Most people involved in projects agree that it’s a good idea to monitor the quality of the project. Of course. Who could argue against it? Would anybody really oppose a job well done? The difficulty lies in how to measure project ‘quality’. On this topic, it is not so easy to agree.
Quality Management, as studied today, has its roots in the manufacturing environment. Given this background, the accepted definition for quality has become “to prove conformance to requirements”. For a manufactured product to claim high quality, it must conform to a whole series of tests, measures and specifications. Similarly, that is what quality in the project environment should try to prove: that the products or services delivered by the project are fit for use and fulfill the requirements for which the project was undertaken. There are two broad steps we suggest here so that, regardless of the content of your project, you can instill Quality into the project’s results: (1) Design measures relevant to the project and (2) Take and analyze these measures.
1. Design Quality Measures
It is a good idea to have this activity as the last step in breaking down & planning the project’s workload. As we are discussing the steps and tasks which the different project resources will need to perform for a given deliverable, it is good to keep asking “And how can I prove this work is finished?” “And how do we know that item is ready for use?” The answers to these questions can then become part of our quality measures.
We should aim to make these quality measures as quick and as unobtrusive as possible. For example: instead of having a team of experts fly across the country to test a set of installation instructions, we can have someone unrelated to the project, but local, try to follow these instructions. This option is faster and cheaper. Which highlights another good goal for our quality measures: they must be affordable and totally defensible when being presented to the project sponsor.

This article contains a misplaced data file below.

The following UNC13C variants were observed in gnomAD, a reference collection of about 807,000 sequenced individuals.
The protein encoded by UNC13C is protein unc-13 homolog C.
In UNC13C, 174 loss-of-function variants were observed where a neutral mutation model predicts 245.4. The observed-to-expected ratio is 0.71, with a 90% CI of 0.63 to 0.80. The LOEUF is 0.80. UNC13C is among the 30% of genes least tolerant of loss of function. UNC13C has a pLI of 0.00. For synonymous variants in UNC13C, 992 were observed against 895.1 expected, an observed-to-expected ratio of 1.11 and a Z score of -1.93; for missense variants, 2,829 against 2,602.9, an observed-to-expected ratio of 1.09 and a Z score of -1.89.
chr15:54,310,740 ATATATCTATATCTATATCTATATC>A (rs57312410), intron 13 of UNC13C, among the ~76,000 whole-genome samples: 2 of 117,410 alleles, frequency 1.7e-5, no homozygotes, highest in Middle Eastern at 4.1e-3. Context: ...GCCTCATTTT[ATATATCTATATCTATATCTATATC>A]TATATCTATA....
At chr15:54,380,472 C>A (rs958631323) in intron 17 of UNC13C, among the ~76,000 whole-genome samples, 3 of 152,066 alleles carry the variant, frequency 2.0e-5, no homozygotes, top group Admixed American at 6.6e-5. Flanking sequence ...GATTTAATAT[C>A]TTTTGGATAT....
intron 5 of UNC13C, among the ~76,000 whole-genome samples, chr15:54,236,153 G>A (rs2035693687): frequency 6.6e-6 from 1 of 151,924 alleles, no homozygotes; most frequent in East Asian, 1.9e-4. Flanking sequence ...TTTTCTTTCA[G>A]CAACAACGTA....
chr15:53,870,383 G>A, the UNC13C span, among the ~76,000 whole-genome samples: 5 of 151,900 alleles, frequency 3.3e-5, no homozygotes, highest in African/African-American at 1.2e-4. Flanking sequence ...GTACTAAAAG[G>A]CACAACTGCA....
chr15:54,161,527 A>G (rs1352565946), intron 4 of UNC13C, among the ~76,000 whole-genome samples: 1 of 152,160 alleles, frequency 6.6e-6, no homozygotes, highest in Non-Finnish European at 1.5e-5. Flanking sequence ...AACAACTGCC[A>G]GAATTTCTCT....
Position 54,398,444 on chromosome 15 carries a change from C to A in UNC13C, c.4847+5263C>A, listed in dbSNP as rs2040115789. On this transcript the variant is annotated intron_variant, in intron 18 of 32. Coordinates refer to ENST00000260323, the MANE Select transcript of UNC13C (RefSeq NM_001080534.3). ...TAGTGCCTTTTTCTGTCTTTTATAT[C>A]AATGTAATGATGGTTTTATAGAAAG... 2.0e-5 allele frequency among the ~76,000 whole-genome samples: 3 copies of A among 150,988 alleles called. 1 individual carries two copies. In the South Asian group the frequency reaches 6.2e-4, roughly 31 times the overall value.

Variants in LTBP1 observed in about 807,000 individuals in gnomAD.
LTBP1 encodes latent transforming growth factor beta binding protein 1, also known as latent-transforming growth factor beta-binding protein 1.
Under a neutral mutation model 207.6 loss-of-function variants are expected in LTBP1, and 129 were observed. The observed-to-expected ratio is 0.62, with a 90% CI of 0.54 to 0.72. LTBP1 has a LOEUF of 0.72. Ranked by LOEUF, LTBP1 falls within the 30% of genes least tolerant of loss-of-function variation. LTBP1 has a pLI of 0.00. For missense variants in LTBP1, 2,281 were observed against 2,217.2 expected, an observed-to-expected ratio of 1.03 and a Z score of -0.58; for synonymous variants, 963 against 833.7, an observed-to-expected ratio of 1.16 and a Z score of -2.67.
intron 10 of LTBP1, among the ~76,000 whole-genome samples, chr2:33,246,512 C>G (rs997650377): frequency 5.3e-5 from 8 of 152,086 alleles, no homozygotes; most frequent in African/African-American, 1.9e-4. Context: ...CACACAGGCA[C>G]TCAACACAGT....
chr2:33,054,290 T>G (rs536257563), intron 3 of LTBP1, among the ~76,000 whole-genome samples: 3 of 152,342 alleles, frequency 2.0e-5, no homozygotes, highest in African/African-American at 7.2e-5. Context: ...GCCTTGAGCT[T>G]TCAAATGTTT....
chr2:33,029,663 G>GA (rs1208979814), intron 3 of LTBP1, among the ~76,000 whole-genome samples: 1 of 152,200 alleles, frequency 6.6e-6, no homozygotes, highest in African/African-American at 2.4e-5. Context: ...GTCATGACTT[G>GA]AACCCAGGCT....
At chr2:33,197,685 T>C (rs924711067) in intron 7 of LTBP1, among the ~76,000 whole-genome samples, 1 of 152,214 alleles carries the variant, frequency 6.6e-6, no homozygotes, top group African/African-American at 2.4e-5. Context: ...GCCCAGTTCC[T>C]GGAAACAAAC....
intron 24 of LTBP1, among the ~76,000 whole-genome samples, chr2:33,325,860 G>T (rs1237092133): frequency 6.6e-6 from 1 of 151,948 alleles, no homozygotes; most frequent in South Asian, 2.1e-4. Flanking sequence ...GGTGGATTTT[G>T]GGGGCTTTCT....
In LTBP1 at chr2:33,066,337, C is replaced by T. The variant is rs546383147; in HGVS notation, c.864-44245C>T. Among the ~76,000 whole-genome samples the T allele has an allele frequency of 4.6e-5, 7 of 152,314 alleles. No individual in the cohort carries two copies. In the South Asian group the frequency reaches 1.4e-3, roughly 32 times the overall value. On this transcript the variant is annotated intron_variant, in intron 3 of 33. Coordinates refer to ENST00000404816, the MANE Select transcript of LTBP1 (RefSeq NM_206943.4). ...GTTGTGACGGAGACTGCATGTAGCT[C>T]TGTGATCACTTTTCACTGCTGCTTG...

Another recommendation is to have many intermediate, quality ‘mini-reviews’ instead of a large quality test at the end of a phase. More things could go wrong if we wait to have a large, final quality review attended by many stakeholders. If we have kept quality tests more frequent and limited, we can have more confidence on the final work product.
2. Take And Analyze The Measures
After agreeing which relevant quality measures will be taken during the project, we need to –of course– take them. Once the results are back, we want to put in place any corrective action needed, but we also want to analyze the results and see what else can they tell us. Unfavorable quality results may mean there is someone in the project team that needs more training. Or that there are some tasks for which the time estimates were wrong. By studying the results we will be able to enact that most important activity in projects: continuous process improvement.
For more resources, see the Library topic Project Management.